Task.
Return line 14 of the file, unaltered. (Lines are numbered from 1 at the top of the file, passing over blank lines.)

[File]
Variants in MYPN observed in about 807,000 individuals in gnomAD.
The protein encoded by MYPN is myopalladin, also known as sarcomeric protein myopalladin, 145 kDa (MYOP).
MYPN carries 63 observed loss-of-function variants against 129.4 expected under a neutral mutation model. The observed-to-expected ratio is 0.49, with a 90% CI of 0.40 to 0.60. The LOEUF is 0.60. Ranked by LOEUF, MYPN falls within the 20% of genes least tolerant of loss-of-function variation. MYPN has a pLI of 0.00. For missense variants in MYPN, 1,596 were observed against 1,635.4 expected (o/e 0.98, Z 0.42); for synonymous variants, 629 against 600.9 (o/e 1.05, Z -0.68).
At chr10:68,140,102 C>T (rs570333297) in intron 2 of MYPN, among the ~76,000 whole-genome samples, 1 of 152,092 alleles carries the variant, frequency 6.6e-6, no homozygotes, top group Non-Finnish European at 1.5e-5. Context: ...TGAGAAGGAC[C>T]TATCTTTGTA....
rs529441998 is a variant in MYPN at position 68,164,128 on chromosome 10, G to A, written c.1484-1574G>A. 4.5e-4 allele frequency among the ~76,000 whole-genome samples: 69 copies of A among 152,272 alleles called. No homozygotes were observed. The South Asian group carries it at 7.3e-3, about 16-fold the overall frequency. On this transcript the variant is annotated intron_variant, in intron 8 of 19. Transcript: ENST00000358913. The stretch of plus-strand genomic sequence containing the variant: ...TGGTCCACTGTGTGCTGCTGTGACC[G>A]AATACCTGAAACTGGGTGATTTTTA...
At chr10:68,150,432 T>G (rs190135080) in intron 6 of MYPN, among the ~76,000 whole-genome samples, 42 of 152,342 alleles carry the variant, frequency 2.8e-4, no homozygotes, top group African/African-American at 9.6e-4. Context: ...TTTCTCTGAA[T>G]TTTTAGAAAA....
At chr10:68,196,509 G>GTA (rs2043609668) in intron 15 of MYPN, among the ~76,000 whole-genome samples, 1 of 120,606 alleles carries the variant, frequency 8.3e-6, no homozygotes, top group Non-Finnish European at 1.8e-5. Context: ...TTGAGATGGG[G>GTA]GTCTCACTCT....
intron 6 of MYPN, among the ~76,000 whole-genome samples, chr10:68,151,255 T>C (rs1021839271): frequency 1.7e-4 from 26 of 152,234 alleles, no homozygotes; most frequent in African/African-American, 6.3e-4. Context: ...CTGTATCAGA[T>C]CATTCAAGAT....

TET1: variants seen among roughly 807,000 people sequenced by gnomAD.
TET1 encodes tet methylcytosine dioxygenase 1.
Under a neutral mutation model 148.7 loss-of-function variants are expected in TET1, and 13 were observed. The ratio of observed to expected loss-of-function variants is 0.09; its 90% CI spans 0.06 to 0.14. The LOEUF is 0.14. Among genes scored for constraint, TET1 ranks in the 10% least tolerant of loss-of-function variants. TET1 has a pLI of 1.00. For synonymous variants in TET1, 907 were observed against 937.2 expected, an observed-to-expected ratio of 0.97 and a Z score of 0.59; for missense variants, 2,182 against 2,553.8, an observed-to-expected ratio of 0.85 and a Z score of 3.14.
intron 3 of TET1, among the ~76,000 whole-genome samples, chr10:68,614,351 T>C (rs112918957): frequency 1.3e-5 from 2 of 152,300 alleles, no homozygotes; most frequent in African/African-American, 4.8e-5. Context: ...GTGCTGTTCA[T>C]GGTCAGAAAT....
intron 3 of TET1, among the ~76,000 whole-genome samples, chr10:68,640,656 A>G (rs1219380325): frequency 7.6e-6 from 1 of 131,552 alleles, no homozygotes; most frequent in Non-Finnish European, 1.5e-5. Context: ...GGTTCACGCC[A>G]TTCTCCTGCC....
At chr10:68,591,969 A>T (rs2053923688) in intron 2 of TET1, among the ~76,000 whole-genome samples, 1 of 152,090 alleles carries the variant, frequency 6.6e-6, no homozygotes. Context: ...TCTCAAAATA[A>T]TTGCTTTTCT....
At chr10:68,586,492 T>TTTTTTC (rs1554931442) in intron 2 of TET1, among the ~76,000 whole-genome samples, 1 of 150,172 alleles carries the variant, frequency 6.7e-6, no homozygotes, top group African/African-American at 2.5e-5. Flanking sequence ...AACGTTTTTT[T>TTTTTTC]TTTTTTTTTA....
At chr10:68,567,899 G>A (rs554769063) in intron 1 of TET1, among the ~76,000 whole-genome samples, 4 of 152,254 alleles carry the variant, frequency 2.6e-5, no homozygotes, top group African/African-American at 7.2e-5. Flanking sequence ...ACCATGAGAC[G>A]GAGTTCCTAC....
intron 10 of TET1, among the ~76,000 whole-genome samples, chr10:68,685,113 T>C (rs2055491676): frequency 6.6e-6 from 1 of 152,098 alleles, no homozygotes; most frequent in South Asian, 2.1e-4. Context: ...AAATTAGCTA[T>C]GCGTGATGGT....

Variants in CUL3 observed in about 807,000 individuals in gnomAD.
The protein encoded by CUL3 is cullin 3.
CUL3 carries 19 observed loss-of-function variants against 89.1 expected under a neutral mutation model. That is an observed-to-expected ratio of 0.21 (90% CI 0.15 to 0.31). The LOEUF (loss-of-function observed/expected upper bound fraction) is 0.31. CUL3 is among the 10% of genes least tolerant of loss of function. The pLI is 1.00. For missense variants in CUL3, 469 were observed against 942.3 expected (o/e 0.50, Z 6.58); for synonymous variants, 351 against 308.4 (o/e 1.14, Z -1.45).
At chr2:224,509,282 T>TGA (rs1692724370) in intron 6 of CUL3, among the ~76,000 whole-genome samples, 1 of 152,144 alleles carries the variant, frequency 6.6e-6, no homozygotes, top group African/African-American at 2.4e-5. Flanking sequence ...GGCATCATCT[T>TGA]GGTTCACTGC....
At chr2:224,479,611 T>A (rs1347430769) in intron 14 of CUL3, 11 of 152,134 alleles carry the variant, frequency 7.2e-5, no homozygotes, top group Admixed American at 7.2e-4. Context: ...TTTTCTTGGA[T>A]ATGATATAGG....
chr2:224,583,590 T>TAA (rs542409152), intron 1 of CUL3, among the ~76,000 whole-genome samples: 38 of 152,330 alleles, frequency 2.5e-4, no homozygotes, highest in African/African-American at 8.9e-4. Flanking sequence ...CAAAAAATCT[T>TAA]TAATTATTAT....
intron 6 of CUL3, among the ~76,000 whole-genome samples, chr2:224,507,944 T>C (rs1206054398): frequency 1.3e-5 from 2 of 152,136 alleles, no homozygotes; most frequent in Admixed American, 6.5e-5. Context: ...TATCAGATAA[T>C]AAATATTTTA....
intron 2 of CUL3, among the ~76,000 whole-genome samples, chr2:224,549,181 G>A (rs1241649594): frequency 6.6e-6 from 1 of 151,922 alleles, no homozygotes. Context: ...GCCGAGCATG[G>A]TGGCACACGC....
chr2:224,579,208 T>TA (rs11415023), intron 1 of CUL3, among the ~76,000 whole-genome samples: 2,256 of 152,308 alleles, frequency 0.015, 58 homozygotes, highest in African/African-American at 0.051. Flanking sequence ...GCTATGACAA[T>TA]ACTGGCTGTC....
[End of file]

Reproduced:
At chr10:68,591,969 A>T (rs2053923688) in intron 2 of TET1, among the ~76,000 whole-genome samples, 1 of 152,090 alleles carries the variant, frequency 6.6e-6, no homozygotes. Context: ...TCTCAAAATA[A>T]TTGCTTTTCT....